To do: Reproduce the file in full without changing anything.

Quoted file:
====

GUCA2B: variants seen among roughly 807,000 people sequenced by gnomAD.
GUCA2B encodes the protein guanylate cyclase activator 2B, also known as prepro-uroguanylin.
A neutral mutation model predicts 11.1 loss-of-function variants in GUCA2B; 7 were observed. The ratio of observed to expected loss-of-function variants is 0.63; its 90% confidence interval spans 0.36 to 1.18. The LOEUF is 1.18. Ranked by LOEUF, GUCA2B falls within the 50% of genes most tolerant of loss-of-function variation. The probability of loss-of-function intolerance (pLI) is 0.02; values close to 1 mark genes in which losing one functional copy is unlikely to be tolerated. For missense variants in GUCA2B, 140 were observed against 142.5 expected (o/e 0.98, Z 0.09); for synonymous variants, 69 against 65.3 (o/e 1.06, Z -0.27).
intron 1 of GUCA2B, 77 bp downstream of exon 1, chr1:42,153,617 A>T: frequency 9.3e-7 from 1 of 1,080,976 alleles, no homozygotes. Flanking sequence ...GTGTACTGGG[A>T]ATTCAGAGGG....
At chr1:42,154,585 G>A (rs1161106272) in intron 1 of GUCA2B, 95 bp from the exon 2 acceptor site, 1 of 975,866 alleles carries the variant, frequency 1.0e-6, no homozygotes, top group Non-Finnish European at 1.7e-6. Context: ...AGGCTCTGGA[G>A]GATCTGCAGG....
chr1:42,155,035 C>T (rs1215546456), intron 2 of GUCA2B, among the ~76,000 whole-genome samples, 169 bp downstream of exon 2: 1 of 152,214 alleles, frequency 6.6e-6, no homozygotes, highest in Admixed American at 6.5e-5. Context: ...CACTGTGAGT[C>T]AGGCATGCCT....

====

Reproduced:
GUCA2B: variants seen among roughly 807,000 people sequenced by gnomAD.
GUCA2B encodes the protein guanylate cyclase activator 2B, also known as prepro-uroguanylin.
A neutral mutation model predicts 11.1 loss-of-function variants in GUCA2B; 7 were observed. The ratio of observed to expected loss-of-function variants is 0.63; its 90% confidence interval spans 0.36 to 1.18. The LOEUF is 1.18. Ranked by LOEUF, GUCA2B falls within the 50% of genes most tolerant of loss-of-function variation. The probability of loss-of-function intolerance (pLI) is 0.02; values close to 1 mark genes in which losing one functional copy is unlikely to be tolerated. For missense variants in GUCA2B, 140 were observed against 142.5 expected (o/e 0.98, Z 0.09); for synonymous variants, 69 against 65.3 (o/e 1.06, Z -0.27).
intron 1 of GUCA2B, 77 bp downstream of exon 1, chr1:42,153,617 A>T: frequency 9.3e-7 from 1 of 1,080,976 alleles, no homozygotes. Flanking sequence ...GTGTACTGGG[A>T]ATTCAGAGGG....
At chr1:42,154,585 G>A (rs1161106272) in intron 1 of GUCA2B, 95 bp from the exon 2 acceptor site, 1 of 975,866 alleles carries the variant, frequency 1.0e-6, no homozygotes, top group Non-Finnish European at 1.7e-6. Context: ...AGGCTCTGGA[G>A]GATCTGCAGG....
chr1:42,155,035 C>T (rs1215546456), intron 2 of GUCA2B, among the ~76,000 whole-genome samples, 169 bp downstream of exon 2: 1 of 152,214 alleles, frequency 6.6e-6, no homozygotes, highest in Admixed American at 6.5e-5. Context: ...CACTGTGAGT[C>T]AGGCATGCCT....